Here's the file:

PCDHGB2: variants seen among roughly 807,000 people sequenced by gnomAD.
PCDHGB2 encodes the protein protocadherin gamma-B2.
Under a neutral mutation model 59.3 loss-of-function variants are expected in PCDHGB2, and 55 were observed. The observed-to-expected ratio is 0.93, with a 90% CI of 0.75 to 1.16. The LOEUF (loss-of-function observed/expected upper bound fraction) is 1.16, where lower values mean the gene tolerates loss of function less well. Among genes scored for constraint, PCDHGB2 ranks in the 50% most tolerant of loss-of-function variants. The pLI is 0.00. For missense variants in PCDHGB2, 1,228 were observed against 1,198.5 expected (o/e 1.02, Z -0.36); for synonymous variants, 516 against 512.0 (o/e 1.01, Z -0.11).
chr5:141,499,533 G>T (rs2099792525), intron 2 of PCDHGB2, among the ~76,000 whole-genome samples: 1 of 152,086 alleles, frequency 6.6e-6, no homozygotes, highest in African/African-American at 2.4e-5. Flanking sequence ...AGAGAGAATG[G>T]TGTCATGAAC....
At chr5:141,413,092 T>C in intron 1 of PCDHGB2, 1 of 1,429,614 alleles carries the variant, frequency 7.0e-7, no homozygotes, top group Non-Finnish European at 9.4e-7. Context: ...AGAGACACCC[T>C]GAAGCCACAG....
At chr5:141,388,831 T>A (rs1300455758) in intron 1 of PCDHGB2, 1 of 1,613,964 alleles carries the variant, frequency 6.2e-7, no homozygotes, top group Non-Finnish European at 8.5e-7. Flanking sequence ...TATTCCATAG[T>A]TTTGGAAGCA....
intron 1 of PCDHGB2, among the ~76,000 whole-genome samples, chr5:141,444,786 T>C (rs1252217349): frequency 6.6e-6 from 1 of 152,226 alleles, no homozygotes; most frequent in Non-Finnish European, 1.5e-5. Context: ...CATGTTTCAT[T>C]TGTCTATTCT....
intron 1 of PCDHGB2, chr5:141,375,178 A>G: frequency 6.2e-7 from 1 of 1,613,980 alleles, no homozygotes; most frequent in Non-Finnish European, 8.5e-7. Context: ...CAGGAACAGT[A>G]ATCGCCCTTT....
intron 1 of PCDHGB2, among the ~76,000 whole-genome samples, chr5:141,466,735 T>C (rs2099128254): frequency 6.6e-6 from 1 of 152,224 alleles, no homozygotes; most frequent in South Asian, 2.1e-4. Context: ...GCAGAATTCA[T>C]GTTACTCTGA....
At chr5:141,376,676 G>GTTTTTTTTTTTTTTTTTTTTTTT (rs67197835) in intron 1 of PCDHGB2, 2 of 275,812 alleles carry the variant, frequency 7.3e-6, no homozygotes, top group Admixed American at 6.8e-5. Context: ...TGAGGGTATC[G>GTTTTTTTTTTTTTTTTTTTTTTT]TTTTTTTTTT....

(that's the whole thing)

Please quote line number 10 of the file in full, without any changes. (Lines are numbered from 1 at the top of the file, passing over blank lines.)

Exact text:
At chr5:141,376,676 G>GTTTTTTTTTTTTTTTTTTTTTTT (rs67197835) in intron 1 of PCDHGB2, 2 of 275,812 alleles carry the variant, frequency 7.3e-6, no homozygotes, top group Admixed American at 6.8e-5. Context: ...TGAGGGTATC[G>GTTTTTTTTTTTTTTTTTTTTTTT]TTTTTTTTTT....